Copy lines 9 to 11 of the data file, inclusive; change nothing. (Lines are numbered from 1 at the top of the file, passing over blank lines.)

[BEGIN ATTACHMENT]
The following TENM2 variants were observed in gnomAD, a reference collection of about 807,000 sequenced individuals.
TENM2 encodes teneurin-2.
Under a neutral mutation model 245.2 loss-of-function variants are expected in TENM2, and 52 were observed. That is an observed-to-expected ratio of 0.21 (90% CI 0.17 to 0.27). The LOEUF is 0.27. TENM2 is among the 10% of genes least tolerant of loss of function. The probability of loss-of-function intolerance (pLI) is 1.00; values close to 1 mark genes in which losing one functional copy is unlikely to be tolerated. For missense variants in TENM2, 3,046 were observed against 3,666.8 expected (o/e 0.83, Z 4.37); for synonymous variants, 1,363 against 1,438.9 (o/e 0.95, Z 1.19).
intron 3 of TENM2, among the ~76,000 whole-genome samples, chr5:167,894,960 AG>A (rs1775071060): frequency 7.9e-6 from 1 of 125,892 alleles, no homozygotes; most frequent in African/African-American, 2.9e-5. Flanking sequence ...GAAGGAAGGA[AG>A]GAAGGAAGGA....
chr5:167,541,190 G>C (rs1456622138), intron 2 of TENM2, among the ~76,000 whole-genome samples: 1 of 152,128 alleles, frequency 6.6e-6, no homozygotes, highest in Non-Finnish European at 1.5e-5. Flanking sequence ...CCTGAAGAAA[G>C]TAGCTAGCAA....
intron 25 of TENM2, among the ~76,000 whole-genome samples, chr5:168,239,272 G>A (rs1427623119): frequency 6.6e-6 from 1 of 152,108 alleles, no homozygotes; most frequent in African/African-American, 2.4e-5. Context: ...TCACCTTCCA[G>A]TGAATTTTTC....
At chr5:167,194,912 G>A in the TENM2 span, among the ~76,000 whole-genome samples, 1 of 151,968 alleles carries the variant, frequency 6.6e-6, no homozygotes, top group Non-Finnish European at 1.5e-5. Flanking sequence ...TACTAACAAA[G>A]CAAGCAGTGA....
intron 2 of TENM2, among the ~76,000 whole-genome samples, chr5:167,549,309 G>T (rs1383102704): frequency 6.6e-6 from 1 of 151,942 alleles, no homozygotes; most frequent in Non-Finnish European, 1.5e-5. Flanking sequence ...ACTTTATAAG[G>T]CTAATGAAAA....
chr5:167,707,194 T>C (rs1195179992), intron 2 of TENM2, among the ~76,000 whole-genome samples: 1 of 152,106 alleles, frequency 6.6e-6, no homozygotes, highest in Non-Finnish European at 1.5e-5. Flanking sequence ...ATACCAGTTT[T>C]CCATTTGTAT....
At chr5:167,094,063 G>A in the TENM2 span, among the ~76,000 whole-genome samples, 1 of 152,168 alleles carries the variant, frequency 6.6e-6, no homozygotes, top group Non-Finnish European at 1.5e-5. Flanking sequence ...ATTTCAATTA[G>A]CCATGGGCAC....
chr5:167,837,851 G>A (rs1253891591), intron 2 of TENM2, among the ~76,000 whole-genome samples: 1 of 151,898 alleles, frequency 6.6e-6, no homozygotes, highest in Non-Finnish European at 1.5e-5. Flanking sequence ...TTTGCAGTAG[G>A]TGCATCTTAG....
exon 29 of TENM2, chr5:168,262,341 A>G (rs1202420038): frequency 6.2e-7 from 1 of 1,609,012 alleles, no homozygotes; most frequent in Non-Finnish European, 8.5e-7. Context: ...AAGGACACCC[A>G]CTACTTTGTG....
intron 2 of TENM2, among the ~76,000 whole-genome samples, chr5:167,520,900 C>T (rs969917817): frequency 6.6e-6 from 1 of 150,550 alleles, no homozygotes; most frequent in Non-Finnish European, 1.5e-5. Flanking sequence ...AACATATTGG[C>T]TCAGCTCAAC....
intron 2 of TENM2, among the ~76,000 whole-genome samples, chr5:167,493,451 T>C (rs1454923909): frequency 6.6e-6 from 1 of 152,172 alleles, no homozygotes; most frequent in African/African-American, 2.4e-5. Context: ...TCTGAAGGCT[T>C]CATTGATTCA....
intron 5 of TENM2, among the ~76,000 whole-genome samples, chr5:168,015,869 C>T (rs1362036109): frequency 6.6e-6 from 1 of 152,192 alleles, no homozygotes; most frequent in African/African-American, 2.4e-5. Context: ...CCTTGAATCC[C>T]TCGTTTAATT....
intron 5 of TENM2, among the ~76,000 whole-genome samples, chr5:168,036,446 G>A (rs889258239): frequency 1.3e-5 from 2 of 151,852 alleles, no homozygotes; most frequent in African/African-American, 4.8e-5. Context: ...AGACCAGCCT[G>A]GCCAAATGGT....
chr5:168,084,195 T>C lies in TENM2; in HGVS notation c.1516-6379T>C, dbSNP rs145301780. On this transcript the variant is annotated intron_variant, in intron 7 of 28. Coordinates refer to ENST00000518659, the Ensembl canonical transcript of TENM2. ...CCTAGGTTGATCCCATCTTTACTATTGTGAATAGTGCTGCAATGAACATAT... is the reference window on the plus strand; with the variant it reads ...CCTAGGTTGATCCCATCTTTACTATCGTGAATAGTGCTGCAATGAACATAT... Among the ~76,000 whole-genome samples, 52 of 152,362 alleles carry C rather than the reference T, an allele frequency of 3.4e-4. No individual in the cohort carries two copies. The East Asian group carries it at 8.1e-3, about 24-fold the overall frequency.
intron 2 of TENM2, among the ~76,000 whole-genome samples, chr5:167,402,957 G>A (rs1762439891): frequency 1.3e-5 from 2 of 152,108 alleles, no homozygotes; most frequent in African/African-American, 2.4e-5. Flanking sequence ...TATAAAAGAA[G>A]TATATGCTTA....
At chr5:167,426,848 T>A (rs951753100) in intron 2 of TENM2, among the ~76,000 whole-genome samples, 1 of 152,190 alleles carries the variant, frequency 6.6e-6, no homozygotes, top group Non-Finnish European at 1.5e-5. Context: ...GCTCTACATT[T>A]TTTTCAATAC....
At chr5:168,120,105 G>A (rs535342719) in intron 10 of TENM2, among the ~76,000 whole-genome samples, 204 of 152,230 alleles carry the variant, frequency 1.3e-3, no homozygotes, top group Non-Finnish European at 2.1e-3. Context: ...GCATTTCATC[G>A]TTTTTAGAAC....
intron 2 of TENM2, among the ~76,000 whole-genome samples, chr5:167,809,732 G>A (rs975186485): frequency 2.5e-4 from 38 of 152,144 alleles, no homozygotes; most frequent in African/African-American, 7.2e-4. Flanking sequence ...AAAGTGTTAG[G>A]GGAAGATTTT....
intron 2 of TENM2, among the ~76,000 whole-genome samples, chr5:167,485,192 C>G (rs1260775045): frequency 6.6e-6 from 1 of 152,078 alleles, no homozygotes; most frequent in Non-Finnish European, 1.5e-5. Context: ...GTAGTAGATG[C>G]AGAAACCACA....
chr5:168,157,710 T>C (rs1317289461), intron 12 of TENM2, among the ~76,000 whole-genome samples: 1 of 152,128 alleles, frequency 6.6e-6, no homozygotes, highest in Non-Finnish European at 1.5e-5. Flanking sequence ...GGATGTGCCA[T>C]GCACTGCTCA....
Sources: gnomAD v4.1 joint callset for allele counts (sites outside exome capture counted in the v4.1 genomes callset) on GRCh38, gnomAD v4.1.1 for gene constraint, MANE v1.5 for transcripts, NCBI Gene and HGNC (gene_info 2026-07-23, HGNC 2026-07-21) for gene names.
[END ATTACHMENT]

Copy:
chr5:167,707,194 T>C (rs1195179992), intron 2 of TENM2, among the ~76,000 whole-genome samples: 1 of 152,106 alleles, frequency 6.6e-6, no homozygotes, highest in Non-Finnish European at 1.5e-5. Flanking sequence ...ATACCAGTTT[T>C]CCATTTGTAT....
At chr5:167,094,063 G>A in the TENM2 span, among the ~76,000 whole-genome samples, 1 of 152,168 alleles carries the variant, frequency 6.6e-6, no homozygotes, top group Non-Finnish European at 1.5e-5. Flanking sequence ...ATTTCAATTA[G>A]CCATGGGCAC....
chr5:167,837,851 G>A (rs1253891591), intron 2 of TENM2, among the ~76,000 whole-genome samples: 1 of 151,898 alleles, frequency 6.6e-6, no homozygotes, highest in Non-Finnish European at 1.5e-5. Flanking sequence ...TTTGCAGTAG[G>A]TGCATCTTAG....